More on the Importance of Early Thinning

It was too hot to sleep last night. So, I tried to wear out my brain with some studying and came across this article from UC Davis. The study was specifically for growing peaches in California, but the basic tenets regarding the reasons for early thinning, particularly when full bloom is followed by above average temperatures during the first month, would apply anywhere. I expect the the explanation for why the timing of thinning affects the final outcome of fruit size and quality would be highly likely to carry over to other tree fruits, as well.

The pros and those who have been growing fruit for many years are probably well aware of this information. But I know there are others here who, like me, have found it emotionally easier to thin a bit at a time. The understanding I gained from this article will make it easier for me to “just do it” all at once, instead of thinning gradually, a little more each day.


The problem with early thinning is that there is so much of it to do- and in home orchards the fruit may still be at jeopardy of being damaged by insects.

I didn’t read the article, I have already read many that show the advantage of thinning early. It is surprising that even raising the sugar of the fruit is mostly a product of “early” thinning.

What I don’t think has been researched is the difference between thinning, say, half way- to half the desired spacing at the “optimum time” and then coming back later to finish. Such thinning removes the vast majority of fruit in the tree and it’s easy to imagine that the small size of the fruit remaining isn’t enough to affect the size and sweetness of the fruit that makes the “final cut”.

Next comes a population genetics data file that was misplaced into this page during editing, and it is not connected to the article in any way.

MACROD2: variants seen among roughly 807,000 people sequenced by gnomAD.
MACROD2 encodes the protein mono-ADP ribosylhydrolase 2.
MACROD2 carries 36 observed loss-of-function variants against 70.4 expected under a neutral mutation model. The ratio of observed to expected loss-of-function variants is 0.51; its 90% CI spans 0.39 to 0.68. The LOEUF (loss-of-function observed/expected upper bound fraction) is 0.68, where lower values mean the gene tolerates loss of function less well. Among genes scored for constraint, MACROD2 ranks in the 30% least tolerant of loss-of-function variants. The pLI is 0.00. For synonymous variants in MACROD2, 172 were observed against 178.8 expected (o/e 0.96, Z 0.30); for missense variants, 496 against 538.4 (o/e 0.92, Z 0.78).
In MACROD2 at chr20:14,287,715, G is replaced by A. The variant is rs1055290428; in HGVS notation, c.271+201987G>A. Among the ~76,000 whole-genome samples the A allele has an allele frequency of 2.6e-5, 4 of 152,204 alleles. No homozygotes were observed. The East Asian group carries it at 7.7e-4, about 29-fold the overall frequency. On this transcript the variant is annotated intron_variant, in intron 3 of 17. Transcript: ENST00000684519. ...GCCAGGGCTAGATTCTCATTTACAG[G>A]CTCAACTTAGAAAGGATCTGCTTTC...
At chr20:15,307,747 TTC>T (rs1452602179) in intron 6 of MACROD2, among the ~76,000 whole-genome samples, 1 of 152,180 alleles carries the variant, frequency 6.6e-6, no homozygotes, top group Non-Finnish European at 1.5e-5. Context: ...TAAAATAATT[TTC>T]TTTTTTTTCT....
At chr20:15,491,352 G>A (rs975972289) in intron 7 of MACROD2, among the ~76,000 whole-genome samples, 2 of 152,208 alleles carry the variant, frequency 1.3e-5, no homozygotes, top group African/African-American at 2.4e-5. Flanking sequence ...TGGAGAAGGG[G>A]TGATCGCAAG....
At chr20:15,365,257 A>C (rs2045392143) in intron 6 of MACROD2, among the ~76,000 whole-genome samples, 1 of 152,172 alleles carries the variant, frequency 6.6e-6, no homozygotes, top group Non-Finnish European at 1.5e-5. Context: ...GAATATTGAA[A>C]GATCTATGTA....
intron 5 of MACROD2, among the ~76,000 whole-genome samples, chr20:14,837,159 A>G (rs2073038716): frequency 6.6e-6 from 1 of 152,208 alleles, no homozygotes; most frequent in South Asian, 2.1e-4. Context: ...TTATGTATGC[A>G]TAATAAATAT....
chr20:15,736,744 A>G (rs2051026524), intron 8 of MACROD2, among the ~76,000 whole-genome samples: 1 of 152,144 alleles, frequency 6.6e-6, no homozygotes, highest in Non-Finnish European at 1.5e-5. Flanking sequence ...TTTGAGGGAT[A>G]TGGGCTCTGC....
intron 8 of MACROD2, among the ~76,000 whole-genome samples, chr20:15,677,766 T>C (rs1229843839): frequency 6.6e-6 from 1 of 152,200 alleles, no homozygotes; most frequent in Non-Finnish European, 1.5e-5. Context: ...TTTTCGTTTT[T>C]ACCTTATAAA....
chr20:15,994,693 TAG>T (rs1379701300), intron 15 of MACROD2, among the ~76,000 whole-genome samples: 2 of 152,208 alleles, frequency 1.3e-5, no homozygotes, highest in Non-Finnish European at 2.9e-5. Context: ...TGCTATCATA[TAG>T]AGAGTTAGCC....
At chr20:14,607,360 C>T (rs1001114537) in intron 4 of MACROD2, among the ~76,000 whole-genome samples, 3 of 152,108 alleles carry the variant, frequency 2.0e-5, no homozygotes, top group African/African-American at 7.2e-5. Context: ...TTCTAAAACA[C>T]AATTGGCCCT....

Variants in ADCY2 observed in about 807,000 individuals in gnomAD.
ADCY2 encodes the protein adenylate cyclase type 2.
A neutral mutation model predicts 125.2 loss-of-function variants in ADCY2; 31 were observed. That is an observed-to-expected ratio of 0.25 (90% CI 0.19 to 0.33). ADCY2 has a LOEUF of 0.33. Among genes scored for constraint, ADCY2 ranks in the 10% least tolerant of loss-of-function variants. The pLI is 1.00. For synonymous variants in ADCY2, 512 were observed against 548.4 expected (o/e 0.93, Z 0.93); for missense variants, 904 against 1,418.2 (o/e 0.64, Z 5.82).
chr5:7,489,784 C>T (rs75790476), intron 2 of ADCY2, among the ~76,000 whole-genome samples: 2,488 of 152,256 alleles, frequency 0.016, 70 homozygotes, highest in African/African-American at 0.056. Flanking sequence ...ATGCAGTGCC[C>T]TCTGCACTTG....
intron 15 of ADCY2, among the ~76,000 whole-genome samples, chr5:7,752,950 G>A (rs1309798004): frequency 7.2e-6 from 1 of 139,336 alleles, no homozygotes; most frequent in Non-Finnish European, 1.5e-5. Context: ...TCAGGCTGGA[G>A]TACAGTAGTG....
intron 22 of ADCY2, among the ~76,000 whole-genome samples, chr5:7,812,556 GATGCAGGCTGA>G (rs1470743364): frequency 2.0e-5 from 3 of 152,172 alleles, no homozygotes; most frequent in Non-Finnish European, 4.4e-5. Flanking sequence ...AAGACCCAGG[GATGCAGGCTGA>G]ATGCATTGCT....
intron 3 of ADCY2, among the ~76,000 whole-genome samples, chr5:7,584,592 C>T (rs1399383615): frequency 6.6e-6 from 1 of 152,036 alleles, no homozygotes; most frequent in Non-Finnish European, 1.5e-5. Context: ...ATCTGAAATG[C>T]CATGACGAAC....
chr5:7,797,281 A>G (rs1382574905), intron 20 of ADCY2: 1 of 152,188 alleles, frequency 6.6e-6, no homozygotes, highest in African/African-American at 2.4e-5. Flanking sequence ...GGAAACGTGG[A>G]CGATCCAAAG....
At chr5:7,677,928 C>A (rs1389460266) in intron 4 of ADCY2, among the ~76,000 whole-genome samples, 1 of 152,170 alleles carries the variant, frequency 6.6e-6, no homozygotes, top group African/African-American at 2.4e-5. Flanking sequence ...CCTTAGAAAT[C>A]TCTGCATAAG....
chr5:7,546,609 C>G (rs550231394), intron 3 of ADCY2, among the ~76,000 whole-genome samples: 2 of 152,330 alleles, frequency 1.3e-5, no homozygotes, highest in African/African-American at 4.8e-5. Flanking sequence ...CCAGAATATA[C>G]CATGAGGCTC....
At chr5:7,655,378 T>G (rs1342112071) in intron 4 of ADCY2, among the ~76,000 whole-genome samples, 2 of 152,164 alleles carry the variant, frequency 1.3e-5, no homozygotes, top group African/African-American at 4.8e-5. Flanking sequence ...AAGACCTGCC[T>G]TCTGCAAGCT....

That is not a research project likely to be undertaken anytime soon, but commercial apple growers use chemical thinners on the conservative side so as not to accidentally remove too much fruit. Final thinning is often done by hand well after that optimum thinning time. I’m guessing this is evidence that going half way and coming back later is probably just as good as doing it all at once.


That’s a good article MuddyMess.

For peaches, I think if you get most of the fruit off the shoots early, you’ll still get a good cell count on the individual peaches. The article doesn’t state this, but it’s known that a good part of the energy used to “feed” the peaches early on comes from stored carbohydrates in the wood and roots, whereas, after phase 1, the peach relies only on photosynthesis from the leaves. So as long as there is plenty of stored carbohydrates, leaving a little extra fruit on the shoots doesn’t bother anything IMO, especially for peaches which are pruned heavily, since they have a better root to top wood ratio. Just my theory based on observation.

I’ve noticed peaches which have most of the fruit removed from the shoot early, but are still slightly too heavy laden, are the same size as peaches on shoots which have only one peach on them at the end of phase 1. It’s the shoots which didn’t get thinned at all and have 10 fruit on a 1 foot shoot which have really small fruit at the end of phase one.

It’s was earlier this season I learned from a friend that cooler springs increase cell count of the fruit. I’d never heard that before. Your article provides the rationale for why that is the case. Thanks.

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Muddy, thanks for the post and link. I hope you got some sleep!

I underthinned my plums this year. My work schedule and health got in the way of my priorities😀. Apples and pears wont be a problem, and I did get the peaches thinned, but plums will be smaller as a result. I don’t know if that will affect flavor - Im hoping, not. Some branches that I could not even reach are now almost touching the ground!

So for next year - your article will come in handy as a reminder to get out there and thin!

And to make that job more accessible, after fruit have ripened, to summer - prune for size control. Somewhere between too tall for deer to reach, but short enough for me to thin properly. But that is Another topic.